Why I Went Green: An Artist and Designer’s “Aha” Moment

It happened, the green “snap” moment that is, while I was quietly meditating at a yoga camp last summer, on Cortes Island at Hollyhock, during our early morning hours of total silence. I had simply asked myself as a topic for meditation and contemplation, “What do I want to do now?”

To set the scene, I need to fill in some background. As senior design partner of a midsized interior design firm, doing projects of all types and sizes, with a staff of six and several subcontract designers and draftspeople under my direction, my health was beginning to be compromised by stress. So I gave myself a week of yoga camp.

So there I am, asking, “What do I want to do now?” And I start my silent answer… “I want to do green work, I want to work as close to my studio and home as I can — no more airports!” (Even though some of my most prestigious work and some of my wealthiest clients are international and I’ve been travelling and designing luxury beach houses and resorts).

I think again, “So…. good green design, as close to my studio and my home as I can.” I realize that except for the “good work” part, this is going to involve a huge change. In fact, it will involve a complete change because, for me, ‘good work’ fundamentally means not just a high design aesthetic with perfect craftsmanship, positive client and business metric results — it also means 100% sustainable work. From that moment forward, only simply and truly green would be acceptable to me.

So that was the scene, and that was the simple event — a quiet meditation — was set to change my purpose, my life, my finances and my business.

I took a bit more holiday time, returned to the studio and informed the team that this change was a real commitment for me, that it would involve massive change, that there would be much less work for a while as we changed direction and marketing focus, and that it would involve sacrifice on all of our parts. There would be less work while we created a new business.

I asked them, “Are you ready?” and they all bought in, but in their own ways. Our senior staff designer was pregnant with twins so she took maternity leave. Our project manager had just been certified at university in Project Management and she’s a single mom, so she decided to try working on contract from home. Our oldest staff member who does senior care and contract writing wanted to move to an adjacent city to be with her new man and work as an associate designer. My partner, our internationally trained design draftsperson and our administrator, stayed in the boat with me. So suddenly we were half our size!

Why did I come to this point now? What drives someone to go green now? I’ve been an environmentalist for 30 years. I designed the second Greenpeace poster ‘Stop the Slaughter’, illustrated by Carl Chaplin, to protest the seal hunt in 1977.

So why commit so much now after all these years of being a quiet but committed environmentalist?

The answer is because I can, and because I feel like Bruce Mau states in the catalogue for his travelling exhibit Massive Change — that designers show people how to live and, because of that, designers have a responsibility to do the right thing. The planet needs us to stop just talking, thinking and intending to do the right thing. Our planet needs us to start really addressing the ecology and environment now, before it’s too late.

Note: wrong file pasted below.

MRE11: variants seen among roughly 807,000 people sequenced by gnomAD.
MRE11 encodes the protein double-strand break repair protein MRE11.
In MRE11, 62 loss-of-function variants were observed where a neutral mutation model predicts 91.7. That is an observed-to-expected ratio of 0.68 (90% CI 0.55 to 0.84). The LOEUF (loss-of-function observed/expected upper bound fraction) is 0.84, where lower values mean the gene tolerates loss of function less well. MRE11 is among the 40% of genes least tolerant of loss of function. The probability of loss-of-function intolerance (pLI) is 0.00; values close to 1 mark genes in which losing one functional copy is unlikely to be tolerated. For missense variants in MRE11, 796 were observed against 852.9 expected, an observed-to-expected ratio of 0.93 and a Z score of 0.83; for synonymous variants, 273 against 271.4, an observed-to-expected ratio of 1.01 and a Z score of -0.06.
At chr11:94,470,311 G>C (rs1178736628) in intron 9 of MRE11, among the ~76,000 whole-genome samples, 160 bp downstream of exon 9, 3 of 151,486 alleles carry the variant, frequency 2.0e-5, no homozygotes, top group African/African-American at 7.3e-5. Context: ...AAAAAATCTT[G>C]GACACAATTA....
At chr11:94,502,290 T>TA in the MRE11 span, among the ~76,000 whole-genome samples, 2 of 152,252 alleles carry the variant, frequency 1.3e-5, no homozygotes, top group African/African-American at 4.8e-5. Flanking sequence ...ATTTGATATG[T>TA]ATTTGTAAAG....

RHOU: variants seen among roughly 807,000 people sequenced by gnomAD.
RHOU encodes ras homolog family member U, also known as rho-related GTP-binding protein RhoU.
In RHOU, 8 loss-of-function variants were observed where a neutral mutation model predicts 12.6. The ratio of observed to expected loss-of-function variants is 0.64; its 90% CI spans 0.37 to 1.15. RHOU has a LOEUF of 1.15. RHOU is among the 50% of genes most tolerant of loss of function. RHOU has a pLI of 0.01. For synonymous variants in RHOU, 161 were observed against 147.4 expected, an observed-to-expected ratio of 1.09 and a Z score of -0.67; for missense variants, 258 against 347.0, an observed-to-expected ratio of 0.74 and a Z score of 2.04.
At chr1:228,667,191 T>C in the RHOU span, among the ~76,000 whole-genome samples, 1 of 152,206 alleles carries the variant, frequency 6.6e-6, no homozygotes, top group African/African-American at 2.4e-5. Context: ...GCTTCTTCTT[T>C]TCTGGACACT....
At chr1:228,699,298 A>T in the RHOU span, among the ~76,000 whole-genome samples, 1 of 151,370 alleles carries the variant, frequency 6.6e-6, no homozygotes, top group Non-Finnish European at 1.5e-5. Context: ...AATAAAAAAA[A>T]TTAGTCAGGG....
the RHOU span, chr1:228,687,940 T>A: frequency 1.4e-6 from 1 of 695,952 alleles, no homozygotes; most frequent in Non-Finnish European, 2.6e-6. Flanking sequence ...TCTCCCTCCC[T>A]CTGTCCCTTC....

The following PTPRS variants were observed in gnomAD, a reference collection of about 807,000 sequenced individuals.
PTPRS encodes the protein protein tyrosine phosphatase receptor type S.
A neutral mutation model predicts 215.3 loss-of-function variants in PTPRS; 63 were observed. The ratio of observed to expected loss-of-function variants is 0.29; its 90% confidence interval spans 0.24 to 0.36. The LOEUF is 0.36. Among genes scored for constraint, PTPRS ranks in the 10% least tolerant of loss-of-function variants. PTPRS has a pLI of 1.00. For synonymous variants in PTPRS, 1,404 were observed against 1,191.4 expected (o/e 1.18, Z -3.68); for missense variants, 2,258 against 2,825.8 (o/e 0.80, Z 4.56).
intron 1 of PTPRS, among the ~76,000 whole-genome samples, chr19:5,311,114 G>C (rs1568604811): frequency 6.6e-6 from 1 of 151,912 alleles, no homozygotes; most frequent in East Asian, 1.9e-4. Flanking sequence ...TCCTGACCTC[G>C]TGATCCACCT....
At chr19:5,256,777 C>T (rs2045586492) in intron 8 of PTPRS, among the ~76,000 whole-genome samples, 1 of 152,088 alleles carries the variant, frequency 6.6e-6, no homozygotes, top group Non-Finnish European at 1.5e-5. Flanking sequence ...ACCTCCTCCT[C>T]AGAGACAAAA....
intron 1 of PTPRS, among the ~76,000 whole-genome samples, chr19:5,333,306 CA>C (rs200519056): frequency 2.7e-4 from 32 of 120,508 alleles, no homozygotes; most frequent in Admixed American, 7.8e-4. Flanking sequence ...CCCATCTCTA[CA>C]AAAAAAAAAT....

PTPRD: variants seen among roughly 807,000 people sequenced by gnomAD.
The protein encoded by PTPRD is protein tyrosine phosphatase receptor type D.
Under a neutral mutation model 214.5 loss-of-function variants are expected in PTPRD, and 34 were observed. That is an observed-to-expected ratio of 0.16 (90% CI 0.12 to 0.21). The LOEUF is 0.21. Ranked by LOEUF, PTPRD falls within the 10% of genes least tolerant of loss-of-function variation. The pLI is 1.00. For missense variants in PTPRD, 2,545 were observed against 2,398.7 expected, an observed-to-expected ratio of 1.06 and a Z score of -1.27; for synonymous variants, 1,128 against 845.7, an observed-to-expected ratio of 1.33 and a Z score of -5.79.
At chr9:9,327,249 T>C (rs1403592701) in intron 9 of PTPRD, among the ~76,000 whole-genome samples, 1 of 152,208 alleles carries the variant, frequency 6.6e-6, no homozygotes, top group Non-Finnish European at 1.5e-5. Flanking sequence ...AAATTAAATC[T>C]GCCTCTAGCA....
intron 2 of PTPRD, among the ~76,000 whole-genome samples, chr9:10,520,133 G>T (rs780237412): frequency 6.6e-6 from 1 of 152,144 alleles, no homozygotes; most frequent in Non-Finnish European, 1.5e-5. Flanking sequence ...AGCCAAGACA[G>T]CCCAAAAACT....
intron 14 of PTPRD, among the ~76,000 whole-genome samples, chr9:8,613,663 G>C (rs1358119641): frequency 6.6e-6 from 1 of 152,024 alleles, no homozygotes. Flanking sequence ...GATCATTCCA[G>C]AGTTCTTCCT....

I have a sense that, more and more in the next few years, the Earth will start to tell us that she needs us to wake up. The weather changes are one way she will do it. Certainly Hurricane Katrina was a wake-up call for some people about the government’s apathy. More and more of us are accepting that we have to take personal responsibility because government is choosing to ignore the elephant in the closet.

We all notice the weather, we talk about the weather and we live with the weather every day. Have you actually paid attention to changes in the weather where you live? I have. This weekend, while we were fishing close to the coastal mountains, I confirmed that we have much less snow on the nearby mountains. While cycling, I have noted that our spring river runs are low in their water flow — and I live on the ‘wet coast’ of Canada.

Where I grew up in central Canada, there was snow all winter throughout my youth, but there was virtually no snow this year, not to mention that snow had to be trucked into Vancouver’s mountains to host this year’s Winter Games. Change is upon us.

With what is happening to the weather, can you really say that no change is happening in your environment? Can you really — the way the government would like you to — pretend that it’s not happening or blame it on cycles and natural causes?

These are the words I have focused on and committed to around the word eco:

  • ecology, environment, energy
  • community, cooperation
  • our planet, our responsibility.

I feel great about the green change I have committed to. I’m getting lots of support from suppliers and industry people who see the shift to sustainability on the horizon, and I am hopeful that in the near future this commitment will start to grow an all-new business model.

When I told our current clients that as of January first of this year we would be a green-only design firm, I suspected some might decline our services, but they all said ‘OK’ . Thanks to them and our suppliers, we have been doing only sustainable work since the beginning of 2010. Soon our eco Design Gallery will open to the public, and I will find out if going green is going to produce a red or a black bottom line.


Photo Credits

“wood and natural light” courtesy of jc scott

“water, home spa bathtub” courtesy of jc scott


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